Being sold on a bill of sale. Has a no-lien rebuilt title, but its status with NMVTIS is unknown.

Now, here are more details on the condition and situation for an informed purchase decision.

The Oliver is about 125 miles away from Denver, Colorado. I have an appropriate amount of shrink-wrap sheeting and tape and a heat gun to seal it up for transportation to where you desire. To get it to its current location it was quickly bundled with a huge canvas tarp tightly covering the opening and it trailered like a dream, with no problems, despite ice and significant snowfall. Right now it is completely bundled up in its storage location. It was winterized and cleaned, but it will need another clean up before you begin your project.

The fiberglass shell is as it appears and it requires repair or reworking, probably the first order of business. Note that Oliver used an inner and an outer shell for construction, not the typical single-layer eggshell design. Pull out the overhead cabinetry, measure and brace, and go to work connecting and reinforcing the cracked and sheered pieces (almost all of the original form is present, so you will not be repairing large void areas). The integral overhead cabinets are largely intact, with some minor fixable damage. On-floor cabinetry is good and does not seem to need any adjusting. The flooring is part of the fiberglass eggshell-layered design, and not plywood, combined with rugged vinyl simulated wood as the floor-top veneer. It is all good, back to front, so there is no substructure rot from wet road spray. The main front door and separate screen door and frame for both are unusably damaged. They are provided for measurement purposes, if that is the direction you go. There is top-front fiberglass damage, not as extensive as the right-front side, but cracked nonetheless. The television and other front antennas have some damage that will need to be fixed, but the base electronic components are intact. I am sure the component manufacturers will provide reasonably-priced replacement parts. The top solar panels are gone, damaged beyond repair.

Appliances were all working before the accident, including the television, stereo, stove, furnace, instant hot water heater, air conditioning, fan, refrigerator, 2000-watt inverter, solar-panel controller, water pump, composting toilet, and shower. The outside vent covers for the refrigerator will need to be replaced. The fresh-water storage tank, the gray-water storage tank, and the black-water storage tank are all intact. The wiring, propane distribution tubing, and plumbing are in order. The custom aluminum frame is good and is not bent or tweaked. The 2" hitch assembly is intact. The electric lift jack and leveling jacks need to be replaced, but we are installing a substitute mechanical front lift jack for purposes of putting it on and getting it off of a tow vehicle. The wheels are custom aluminum Jaguar ones and the tires hold air but will need to be replaced. None of the windows are broken, but the interior shade frames will need to be reinstalled as impact cased them to separate. The front fiberglass cowling is slightly cracked, but is easily repaired; while it is functionally unnecessary, this propane tanks shroud is atheistically pleasing when it is installed.  The upholstery, a nice custom cloth, is perfect, without a flaw or stain, but remove the coverings via their zippers and give them a good wash.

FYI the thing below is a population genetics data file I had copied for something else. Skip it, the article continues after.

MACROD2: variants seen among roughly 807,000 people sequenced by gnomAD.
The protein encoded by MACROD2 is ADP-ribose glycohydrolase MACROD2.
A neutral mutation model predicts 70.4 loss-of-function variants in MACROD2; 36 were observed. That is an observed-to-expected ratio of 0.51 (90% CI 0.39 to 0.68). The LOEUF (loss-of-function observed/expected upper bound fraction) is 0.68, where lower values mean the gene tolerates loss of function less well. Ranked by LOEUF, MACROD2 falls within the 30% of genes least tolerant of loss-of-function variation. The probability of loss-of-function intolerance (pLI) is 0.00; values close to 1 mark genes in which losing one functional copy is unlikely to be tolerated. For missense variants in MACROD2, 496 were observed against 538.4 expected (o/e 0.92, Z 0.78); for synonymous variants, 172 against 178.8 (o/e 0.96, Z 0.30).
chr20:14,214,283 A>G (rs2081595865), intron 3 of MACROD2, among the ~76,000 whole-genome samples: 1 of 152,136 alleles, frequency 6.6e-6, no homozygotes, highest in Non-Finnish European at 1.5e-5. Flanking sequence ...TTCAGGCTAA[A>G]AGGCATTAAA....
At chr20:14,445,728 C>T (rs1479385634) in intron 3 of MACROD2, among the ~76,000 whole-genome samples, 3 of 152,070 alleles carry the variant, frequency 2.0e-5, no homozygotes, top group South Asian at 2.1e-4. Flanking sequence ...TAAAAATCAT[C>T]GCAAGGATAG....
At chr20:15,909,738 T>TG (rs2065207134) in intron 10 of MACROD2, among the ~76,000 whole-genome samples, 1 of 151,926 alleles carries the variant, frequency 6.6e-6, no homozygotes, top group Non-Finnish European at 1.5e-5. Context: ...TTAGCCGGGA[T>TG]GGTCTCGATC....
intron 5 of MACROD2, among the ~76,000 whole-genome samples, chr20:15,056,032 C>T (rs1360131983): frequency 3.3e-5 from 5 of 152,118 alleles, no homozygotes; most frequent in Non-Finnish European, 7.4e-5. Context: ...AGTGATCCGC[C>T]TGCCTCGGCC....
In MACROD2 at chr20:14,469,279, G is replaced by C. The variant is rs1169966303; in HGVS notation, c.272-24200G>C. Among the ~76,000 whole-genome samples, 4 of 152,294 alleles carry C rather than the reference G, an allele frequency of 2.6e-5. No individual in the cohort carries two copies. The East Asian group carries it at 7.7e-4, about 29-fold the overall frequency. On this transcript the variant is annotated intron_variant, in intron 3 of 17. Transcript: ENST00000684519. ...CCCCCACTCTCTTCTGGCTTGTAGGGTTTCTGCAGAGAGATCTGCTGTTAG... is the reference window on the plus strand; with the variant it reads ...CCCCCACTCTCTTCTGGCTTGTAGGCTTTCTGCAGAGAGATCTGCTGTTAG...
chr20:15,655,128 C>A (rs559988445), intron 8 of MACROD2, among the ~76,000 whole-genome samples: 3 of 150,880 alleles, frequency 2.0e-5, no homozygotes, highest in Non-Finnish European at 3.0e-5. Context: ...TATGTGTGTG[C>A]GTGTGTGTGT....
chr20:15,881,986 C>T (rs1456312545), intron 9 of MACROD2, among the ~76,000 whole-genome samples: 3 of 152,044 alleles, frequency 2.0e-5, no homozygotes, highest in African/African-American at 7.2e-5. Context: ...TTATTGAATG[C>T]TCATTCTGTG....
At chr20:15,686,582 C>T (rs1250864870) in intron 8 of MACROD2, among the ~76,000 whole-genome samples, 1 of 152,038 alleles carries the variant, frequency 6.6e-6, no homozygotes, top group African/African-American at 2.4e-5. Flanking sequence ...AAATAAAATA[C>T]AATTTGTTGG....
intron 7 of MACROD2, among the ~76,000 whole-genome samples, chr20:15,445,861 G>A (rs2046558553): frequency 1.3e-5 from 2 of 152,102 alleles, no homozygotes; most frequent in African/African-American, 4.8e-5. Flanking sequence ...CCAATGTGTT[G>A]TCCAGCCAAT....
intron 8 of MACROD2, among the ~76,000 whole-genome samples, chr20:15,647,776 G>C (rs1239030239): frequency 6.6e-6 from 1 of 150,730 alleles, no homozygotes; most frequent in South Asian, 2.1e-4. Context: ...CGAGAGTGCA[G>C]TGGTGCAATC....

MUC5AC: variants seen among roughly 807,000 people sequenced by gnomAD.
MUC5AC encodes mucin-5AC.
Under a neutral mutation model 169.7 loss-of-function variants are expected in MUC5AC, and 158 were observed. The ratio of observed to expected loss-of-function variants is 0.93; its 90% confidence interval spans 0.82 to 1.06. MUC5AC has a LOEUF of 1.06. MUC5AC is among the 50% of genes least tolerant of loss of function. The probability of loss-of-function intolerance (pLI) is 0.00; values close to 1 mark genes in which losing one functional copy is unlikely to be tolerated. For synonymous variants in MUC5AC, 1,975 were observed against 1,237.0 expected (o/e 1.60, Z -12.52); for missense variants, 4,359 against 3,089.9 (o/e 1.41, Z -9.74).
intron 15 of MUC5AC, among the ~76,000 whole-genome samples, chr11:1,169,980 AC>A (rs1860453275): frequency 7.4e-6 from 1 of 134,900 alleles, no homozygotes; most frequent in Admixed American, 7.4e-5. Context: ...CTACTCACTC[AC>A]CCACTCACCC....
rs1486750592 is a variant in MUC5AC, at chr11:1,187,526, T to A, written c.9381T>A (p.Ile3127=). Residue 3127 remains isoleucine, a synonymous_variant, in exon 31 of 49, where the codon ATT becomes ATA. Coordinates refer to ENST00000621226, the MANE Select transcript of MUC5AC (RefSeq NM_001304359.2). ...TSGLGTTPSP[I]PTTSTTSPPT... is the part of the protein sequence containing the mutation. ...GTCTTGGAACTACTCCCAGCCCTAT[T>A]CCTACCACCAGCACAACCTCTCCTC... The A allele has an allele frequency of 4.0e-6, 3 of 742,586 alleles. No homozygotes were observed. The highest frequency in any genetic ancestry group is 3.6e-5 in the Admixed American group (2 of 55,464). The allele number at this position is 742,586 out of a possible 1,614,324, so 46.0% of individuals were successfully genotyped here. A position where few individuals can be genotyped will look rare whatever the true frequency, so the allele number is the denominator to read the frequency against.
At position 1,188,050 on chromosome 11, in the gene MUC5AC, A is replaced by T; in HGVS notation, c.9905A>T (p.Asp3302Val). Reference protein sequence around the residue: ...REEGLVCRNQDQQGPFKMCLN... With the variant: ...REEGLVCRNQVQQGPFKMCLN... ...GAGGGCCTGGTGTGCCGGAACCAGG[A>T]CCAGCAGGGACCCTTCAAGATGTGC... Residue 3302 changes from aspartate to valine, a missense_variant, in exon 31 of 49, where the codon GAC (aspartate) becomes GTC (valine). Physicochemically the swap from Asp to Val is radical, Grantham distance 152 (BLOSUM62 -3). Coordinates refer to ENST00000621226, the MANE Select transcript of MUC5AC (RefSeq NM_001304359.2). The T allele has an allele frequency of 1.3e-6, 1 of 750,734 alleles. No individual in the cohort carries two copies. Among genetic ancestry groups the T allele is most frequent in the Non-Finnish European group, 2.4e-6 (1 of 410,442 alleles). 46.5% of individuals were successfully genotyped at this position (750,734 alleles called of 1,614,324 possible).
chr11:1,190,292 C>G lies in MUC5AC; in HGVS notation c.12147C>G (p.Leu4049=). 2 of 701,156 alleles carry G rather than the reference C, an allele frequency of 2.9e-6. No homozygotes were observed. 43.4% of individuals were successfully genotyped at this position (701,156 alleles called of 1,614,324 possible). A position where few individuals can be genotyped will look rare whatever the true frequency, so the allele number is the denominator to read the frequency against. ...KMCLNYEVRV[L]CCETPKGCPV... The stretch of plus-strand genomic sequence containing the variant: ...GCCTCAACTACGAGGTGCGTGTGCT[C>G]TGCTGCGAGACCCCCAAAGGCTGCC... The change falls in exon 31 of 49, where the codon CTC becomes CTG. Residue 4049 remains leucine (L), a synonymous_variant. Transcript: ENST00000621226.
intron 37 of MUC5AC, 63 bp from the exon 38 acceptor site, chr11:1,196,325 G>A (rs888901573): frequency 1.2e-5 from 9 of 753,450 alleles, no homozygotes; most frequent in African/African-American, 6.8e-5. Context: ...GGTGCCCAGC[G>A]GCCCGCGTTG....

As they say, "You pay your money and you takes your chances."

As to why we are not doing the combination remodel or the total repair ourselves, our circumstances are such that we simply do not wish to spend our time on this project this spring/summer. We have travel and other plans. We did a slightly different version of this project two years ago, and just do not feel like coordinating and working on another one right now. Been there, done that. It was educational and interesting, but just too much too soon for us.

We have prepared a spreadsheet regarding the net value of the components of the existing travel trailer and of the semi-truck sleeper cabin. I have been told that the replacement cost of the aluminum trailer alone is over $15,000! The remainder of the exterior items detail out at $21,500. The interior Oliver furniture, fixture, mechanical, and appliance items value at $12,500. The Oliver, then, has a combined potential net value of $49,000. We are asking $0.35-cents-on-the-dollar or $17,600. The semi-trailer sleeper cabin, which is not ours but which can be obtained for $2,900, has a net value of $11,000, or an instant unrealized gain of $8,100. When fully restored and totally cosmetically fixed, our guess is that this will be a $60,000 completed project. Sweat equity, we believe, can turn a combined $20,500 initial investment, plus whatever your repair costs total, into $60,000+. What is that, a ≈200% ROI in a couple of month's time?!

Whenever we start an undertaking such as this, and we have done several, we count our costs, compute the upside and/or savings, and calculate a worst-case downside scenario. With respect to a worse-case scenario, you could part this thing out virtually and probably recoup your money. We have a standing offer from an RV repairman/remainderman, so we will not simply give this away. Or, start the project and capture gains for the progress you achieve. Or sell it to an RV salvage yard, who would undoubtedly be interested. Or, finish it and save $50,000+ over the average retail price out there in the marketplace. Only someone with "vision" should attempt this. What do we mean by that? Being able to see past the obvious defects to the completion of the project. Getting past the "fly in the ointment" is the key to savings and success. Just check out our posting on homebuilding to give you some idea of what we mean . . .

If you have more questions, drop us a note. Hurry, however, because if our suspicious are correct, this will get scooped up before too long by a savvy buyer! Buy-It-Now or Best-Offer. No scammers, please, as we are too sophisticated for that. And, please, no naysayers who have never attempted anything more difficult than getting out of the bed in their parents' basement.

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Laramie, Wyoming